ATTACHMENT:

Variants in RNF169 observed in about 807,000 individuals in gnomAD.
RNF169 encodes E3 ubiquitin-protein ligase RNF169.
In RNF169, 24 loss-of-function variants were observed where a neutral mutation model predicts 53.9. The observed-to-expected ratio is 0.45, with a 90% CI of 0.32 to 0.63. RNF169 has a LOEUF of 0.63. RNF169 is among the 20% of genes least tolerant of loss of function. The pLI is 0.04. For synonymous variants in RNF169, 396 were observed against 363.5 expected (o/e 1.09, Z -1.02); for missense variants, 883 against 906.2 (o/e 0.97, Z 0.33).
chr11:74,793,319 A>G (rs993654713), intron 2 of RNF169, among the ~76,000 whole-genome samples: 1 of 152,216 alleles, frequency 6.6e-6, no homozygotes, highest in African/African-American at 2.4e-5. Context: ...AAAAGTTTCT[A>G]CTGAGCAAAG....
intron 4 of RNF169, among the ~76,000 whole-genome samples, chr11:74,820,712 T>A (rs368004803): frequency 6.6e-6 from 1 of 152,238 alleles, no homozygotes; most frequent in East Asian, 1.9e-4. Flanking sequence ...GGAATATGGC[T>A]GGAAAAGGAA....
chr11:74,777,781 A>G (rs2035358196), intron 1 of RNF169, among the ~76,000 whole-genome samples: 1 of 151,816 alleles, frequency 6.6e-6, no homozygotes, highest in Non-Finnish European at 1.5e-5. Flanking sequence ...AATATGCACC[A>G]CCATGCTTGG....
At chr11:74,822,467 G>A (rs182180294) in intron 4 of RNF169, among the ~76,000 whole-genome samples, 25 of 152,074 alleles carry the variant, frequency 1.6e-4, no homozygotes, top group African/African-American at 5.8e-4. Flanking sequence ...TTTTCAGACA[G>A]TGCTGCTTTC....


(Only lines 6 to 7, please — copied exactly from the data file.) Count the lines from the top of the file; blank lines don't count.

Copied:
chr11:74,777,781 A>G (rs2035358196), intron 1 of RNF169, among the ~76,000 whole-genome samples: 1 of 151,816 alleles, frequency 6.6e-6, no homozygotes, highest in Non-Finnish European at 1.5e-5. Flanking sequence ...AATATGCACC[A>G]CCATGCTTGG....
At chr11:74,822,467 G>A (rs182180294) in intron 4 of RNF169, among the ~76,000 whole-genome samples, 25 of 152,074 alleles carry the variant, frequency 1.6e-4, no homozygotes, top group African/African-American at 5.8e-4. Flanking sequence ...TTTTCAGACA[G>A]TGCTGCTTTC....